Updated: Aug 24, 2019
One of the many aspects of detailing is paint correction. Paint correction involves the study of clear coat, and the art of making it clear again. To get right down to it--dull lifeless paint is paint that has the top-level of clear coat that's "cloudy". To correct this problem, a detailer needs to clear up the clear to aid it in revealing the paint underneath. The art in this process comes down to knowing how much clear to remove.
Your paints clear coat is around the thickness of a playing card. It's not a lot. The danger in this game is taking off to much clear and exposing the paint underneath. Once this happens, game over. Nothing can correct this but a re-spray of the vehicle. There are several ways (tools) in the detailing industry that will remove the top levels of clear coat in order to get rid of the cloudiness dulling causes. The most drastic measures would be wet-sanding the clear. This should not be taking lightly--In the wrong hands, your asking for trouble.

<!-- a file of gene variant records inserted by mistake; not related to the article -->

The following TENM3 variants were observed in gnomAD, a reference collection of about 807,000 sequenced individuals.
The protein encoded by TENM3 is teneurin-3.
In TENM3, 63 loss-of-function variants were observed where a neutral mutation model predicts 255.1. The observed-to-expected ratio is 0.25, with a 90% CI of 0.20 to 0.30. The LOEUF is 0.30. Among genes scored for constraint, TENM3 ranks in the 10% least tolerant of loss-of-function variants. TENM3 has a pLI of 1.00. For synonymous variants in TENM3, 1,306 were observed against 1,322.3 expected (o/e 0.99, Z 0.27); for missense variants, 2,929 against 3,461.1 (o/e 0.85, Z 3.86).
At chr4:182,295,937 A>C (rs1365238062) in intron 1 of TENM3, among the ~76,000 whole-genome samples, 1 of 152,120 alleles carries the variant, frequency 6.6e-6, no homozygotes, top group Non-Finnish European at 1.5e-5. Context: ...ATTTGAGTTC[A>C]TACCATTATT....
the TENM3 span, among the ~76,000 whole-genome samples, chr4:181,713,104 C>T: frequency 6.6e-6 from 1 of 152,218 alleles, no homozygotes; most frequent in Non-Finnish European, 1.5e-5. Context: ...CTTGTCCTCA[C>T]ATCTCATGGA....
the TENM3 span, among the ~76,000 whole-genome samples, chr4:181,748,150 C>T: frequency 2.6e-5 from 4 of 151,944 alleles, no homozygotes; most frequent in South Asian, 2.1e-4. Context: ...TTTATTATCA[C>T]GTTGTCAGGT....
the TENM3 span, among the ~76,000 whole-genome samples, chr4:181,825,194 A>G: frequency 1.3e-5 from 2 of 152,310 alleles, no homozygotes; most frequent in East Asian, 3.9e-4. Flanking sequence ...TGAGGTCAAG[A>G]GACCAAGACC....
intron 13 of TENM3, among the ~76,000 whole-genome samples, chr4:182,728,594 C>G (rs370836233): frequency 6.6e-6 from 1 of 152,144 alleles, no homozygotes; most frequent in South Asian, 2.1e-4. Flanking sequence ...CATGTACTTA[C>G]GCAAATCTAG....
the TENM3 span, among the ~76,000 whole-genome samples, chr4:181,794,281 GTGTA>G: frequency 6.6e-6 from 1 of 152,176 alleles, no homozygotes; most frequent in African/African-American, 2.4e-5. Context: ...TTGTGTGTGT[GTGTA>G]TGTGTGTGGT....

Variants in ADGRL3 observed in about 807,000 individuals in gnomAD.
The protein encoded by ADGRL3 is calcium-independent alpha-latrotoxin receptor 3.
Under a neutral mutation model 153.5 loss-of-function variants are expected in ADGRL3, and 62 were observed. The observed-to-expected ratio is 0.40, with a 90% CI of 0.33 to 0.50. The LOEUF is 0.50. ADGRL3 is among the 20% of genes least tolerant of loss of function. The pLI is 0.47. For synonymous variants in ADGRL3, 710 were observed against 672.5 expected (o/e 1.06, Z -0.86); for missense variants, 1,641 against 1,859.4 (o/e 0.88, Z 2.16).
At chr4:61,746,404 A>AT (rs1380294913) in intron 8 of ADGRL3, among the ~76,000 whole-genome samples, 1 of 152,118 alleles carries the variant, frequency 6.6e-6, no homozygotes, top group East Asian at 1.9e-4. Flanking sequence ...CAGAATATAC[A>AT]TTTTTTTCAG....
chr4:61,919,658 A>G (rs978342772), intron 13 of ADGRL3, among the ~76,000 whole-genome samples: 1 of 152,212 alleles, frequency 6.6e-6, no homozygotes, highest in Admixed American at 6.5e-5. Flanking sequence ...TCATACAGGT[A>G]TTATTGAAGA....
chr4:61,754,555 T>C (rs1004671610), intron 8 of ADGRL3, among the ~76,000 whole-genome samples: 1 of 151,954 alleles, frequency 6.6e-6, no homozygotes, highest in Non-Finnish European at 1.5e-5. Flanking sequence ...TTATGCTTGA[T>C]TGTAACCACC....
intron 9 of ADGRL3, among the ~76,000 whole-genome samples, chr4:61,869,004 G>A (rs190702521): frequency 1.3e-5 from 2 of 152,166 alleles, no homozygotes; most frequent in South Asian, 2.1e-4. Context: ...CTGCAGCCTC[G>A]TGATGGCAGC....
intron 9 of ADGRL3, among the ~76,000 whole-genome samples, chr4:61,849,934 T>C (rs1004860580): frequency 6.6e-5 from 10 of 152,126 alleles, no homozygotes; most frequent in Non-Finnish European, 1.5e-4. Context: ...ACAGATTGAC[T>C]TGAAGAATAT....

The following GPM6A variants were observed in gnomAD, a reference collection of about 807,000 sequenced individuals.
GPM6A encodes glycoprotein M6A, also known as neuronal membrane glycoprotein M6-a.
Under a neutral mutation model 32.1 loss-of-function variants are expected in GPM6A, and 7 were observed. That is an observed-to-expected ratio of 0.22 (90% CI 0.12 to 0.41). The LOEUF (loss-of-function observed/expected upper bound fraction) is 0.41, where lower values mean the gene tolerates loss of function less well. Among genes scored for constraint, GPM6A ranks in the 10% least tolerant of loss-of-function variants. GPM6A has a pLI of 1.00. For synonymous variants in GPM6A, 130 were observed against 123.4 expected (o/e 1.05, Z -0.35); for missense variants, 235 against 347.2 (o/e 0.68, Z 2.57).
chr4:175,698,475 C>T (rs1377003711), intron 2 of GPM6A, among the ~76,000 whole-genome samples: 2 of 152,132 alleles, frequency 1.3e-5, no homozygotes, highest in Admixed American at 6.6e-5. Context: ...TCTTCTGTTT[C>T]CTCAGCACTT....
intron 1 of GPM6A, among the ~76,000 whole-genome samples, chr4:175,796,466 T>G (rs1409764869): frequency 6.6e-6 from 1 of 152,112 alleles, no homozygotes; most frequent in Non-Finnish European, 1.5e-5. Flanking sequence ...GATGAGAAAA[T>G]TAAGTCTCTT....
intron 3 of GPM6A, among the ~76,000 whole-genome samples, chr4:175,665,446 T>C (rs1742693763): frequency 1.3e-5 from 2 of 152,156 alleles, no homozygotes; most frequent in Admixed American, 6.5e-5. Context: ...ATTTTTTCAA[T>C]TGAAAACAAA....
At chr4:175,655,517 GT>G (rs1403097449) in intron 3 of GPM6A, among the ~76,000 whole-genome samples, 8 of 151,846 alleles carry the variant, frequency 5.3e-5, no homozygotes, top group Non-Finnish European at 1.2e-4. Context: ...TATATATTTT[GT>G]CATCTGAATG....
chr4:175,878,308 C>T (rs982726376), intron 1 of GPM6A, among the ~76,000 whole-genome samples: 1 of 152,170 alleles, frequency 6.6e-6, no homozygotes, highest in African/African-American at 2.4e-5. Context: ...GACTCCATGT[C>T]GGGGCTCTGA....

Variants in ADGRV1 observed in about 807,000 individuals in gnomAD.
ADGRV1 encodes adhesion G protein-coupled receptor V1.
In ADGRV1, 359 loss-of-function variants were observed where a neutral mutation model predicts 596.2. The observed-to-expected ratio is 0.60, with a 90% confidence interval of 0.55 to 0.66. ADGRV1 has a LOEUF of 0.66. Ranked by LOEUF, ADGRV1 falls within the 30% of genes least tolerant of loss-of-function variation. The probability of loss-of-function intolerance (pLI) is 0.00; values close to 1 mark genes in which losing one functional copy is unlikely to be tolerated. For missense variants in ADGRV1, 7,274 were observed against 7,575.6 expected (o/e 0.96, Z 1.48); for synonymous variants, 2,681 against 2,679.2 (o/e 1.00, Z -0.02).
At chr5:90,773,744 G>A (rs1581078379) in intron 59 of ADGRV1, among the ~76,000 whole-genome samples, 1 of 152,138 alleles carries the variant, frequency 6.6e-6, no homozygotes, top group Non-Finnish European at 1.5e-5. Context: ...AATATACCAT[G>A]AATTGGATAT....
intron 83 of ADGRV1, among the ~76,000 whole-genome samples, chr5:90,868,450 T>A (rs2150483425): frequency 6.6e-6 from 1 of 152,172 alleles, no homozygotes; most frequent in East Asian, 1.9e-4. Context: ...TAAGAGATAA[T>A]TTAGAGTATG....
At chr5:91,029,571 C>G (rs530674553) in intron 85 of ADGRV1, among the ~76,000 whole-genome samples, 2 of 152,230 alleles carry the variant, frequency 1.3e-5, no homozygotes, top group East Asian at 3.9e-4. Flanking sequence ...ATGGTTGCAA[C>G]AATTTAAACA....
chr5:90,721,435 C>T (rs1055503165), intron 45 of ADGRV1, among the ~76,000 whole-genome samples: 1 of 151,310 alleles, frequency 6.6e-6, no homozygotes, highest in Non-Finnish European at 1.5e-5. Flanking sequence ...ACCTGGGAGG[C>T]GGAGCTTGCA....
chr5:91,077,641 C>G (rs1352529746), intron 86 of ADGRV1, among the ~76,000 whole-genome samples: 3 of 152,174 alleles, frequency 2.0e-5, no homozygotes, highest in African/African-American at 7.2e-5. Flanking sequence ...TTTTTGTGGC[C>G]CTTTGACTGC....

Some less aggressive methods would be to use a buffing tool like the Rotary type buffer I used on this Hyundai. Yes, it is still considered very aggressive and will easily rip a dime size hole in your car's clear in a second. I've done it so long, its like an extension of my hand. So you can say, I know when to hold and when to fold. The Hyundai I did recently needed some buffing love. The paint was full of white spots that had to be removed. The paint had seen better day so I hand washed, decontaminated the paint to remove the white dots, and finally buffed/waxed it. It did turn out great. The paint was full of white spots that had to be removed. Took me around 5 hours total with the interior work.